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In Caroline Knight's 20 years of experience, working as a research coordinator, the size of informed consent forms has grown from an average of four pages to about 18 pages. In her estimation, the additional pages have not made it easier to fully inform potential research participants of what to expect in a clinical trial.
"It's ridiculous," says Knight, who is a clinical research specialist for Pen Bay Medical Center in Rockport, ME.
"These are not written for the patients; they're written by attorneys for attorneys," she says. "I'm embarrassed every time I have to hand one to a patient."
Everyone agrees informed consent forms are too long, have too many legal words, and are not readable for most potential research participants. Yet the problem continues, Knight notes.
So Knight decided to create an informed consent tool that would give subjects the necessary information, including required elements of consent, in a reader-friendly format. It would not replace the standard form used by sponsors, investigators, and research institutions, but it would supplement that information and improve the informed consent process.
She has a generic informed consent newsletter that can be adapted to each new study in about two hours, Knight says.
"It helps with patient education," Knight adds. "And the act of creating helps me learn the study better and think it through from a patient's perspective."
Study participants and the IRB have embraced the informed consent tool and sponsors have approved it, as well.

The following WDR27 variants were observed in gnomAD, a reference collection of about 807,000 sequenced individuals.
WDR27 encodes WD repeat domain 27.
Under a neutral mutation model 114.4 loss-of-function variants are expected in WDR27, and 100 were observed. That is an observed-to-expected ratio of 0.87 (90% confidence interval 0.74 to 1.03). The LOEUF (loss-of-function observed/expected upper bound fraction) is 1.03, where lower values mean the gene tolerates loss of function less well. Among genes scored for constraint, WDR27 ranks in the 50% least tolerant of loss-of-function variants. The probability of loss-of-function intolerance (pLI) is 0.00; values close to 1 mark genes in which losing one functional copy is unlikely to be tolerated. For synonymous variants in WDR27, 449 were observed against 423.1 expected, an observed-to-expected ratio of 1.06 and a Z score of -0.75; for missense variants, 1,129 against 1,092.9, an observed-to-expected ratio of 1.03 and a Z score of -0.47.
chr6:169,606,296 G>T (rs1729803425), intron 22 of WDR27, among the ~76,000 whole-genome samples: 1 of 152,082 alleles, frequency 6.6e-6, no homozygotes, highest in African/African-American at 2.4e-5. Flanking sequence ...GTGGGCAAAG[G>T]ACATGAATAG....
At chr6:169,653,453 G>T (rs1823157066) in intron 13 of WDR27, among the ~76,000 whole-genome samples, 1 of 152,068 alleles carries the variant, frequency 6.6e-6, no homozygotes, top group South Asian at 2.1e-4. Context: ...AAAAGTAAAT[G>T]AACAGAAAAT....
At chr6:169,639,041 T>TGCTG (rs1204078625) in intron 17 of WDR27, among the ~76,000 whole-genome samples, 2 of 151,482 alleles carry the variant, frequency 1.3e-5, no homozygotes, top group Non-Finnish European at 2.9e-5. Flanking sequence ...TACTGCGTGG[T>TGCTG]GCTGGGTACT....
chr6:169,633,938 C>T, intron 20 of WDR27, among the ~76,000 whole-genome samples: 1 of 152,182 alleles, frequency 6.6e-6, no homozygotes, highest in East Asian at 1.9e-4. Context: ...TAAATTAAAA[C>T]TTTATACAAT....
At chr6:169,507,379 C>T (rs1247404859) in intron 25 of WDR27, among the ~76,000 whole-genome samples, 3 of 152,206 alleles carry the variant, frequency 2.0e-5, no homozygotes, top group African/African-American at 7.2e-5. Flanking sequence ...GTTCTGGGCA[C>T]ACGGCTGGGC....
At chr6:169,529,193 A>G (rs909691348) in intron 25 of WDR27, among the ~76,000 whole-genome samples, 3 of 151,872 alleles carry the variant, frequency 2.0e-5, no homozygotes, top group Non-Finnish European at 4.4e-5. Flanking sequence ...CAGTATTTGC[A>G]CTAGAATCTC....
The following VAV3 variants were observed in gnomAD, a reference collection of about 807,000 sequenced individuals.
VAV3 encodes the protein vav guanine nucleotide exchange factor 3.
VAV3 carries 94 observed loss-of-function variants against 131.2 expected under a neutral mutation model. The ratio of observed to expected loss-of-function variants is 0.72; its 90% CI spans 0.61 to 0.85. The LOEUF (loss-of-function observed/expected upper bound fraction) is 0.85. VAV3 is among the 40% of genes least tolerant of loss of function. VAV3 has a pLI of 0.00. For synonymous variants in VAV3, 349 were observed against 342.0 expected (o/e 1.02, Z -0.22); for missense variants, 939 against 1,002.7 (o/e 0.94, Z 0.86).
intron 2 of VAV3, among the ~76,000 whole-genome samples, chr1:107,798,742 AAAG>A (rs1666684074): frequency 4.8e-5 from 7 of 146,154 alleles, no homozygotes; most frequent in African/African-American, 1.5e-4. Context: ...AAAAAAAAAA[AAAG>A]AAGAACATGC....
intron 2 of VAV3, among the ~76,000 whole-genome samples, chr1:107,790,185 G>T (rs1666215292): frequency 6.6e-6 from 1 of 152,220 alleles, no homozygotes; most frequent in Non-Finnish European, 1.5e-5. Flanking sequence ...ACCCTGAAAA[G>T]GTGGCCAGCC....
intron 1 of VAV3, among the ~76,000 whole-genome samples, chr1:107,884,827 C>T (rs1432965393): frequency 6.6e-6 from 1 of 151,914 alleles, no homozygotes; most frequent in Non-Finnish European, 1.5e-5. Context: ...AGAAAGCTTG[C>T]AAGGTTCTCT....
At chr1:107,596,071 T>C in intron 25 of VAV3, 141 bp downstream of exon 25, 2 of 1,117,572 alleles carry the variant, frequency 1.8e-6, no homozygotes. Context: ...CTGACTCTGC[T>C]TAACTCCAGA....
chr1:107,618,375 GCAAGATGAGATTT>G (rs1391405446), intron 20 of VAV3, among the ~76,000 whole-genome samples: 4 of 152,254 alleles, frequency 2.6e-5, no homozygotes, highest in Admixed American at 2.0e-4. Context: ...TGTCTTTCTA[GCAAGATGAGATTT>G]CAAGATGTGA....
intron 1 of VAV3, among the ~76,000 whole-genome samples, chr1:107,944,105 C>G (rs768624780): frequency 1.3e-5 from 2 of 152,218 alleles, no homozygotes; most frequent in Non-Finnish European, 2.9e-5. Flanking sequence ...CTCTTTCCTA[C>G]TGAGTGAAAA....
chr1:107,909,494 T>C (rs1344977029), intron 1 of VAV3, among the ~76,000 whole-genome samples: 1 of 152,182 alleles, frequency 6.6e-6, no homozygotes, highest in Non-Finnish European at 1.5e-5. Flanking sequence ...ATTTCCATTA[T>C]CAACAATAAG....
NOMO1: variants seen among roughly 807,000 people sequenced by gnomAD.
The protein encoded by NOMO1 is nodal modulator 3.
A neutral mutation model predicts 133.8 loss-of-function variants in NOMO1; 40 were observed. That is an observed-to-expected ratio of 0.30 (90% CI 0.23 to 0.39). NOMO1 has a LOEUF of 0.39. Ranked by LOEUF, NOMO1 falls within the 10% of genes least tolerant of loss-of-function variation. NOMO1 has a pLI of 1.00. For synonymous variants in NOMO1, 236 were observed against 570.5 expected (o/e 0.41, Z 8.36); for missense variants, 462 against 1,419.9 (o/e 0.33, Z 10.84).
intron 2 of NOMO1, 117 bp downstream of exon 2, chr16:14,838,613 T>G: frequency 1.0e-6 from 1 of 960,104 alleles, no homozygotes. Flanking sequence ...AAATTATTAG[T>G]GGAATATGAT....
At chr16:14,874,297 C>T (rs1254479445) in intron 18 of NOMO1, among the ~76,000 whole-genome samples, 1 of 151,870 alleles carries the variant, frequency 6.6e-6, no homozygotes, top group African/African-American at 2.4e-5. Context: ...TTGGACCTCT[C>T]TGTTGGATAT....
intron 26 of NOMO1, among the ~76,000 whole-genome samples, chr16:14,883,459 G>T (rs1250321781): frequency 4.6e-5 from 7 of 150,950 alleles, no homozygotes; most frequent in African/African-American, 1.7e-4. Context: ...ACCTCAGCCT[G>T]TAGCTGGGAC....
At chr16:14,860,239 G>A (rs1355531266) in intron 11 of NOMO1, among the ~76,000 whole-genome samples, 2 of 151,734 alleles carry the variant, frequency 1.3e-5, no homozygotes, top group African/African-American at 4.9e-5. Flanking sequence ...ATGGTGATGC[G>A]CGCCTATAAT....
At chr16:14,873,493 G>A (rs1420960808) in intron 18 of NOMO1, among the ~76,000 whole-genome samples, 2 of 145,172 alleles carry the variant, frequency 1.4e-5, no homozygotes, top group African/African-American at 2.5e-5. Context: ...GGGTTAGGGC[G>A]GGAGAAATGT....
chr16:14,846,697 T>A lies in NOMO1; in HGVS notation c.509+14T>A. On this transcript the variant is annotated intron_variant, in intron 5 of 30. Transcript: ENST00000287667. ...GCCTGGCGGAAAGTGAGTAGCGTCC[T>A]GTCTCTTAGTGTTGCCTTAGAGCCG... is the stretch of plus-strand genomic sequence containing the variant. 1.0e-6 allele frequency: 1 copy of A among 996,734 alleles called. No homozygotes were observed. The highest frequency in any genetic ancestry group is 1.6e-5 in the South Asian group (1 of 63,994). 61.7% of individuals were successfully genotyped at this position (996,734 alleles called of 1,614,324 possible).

Knight goes over the informed consent newsletter with subjects, reading the headlines, and summarizing what it says.
"Then I leave study participants alone with the newsletter and the full informed consent document," Knight says. "I say, 'Because the informed consent form is difficult to read, this is a supplement to help you. But you should still read the big form; this is a take-away message.'"
Here's how Knight created the informed consent tool:
• Select a reader-friendly format: After some research online, she found that a newsletter format was flexible and reader friendly and provided an opportunity for inserting graphics and photos.
"I got access to Microsoft Publisher and used one of their templates for the newsletter, which I created for one of my studies," Knight says.
A newsletter can have color, varying font sizes, boxes, shading, indexes, and other textual and graphical features that make it appealing to the eye and easier to read and understand.
"I made a generic template of the newsletter and can plug in the information from a new study," Knight says.